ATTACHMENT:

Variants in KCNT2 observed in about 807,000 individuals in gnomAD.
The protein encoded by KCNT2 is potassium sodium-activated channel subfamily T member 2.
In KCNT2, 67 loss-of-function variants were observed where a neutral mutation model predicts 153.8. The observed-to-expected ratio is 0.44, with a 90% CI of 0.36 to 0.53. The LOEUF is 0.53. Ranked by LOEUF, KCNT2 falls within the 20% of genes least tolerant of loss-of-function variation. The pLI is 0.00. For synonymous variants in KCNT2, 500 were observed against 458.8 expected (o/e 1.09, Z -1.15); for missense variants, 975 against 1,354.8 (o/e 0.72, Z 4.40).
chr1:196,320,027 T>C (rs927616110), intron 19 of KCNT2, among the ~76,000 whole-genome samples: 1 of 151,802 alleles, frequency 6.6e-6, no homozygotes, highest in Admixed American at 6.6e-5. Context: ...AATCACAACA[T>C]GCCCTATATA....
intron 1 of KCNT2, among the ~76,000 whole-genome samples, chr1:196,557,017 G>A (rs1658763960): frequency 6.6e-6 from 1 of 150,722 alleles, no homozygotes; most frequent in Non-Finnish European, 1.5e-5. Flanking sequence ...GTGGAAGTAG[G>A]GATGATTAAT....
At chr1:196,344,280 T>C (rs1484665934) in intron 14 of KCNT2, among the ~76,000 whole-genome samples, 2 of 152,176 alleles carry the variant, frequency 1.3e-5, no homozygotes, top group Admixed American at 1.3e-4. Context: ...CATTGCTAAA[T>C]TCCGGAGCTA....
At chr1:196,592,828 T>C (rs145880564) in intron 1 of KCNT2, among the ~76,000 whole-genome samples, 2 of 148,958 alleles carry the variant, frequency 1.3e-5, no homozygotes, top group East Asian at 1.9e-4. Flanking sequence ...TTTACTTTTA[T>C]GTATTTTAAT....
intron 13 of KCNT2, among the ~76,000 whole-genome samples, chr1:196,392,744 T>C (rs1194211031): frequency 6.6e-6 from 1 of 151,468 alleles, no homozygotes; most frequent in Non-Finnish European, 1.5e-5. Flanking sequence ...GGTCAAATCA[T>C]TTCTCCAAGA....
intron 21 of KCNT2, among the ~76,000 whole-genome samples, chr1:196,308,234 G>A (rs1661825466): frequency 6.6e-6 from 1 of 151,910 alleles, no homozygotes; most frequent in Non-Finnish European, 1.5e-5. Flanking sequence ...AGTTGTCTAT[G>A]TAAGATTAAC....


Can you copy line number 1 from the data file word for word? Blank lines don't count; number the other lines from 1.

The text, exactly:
Variants in KCNT2 observed in about 807,000 individuals in gnomAD.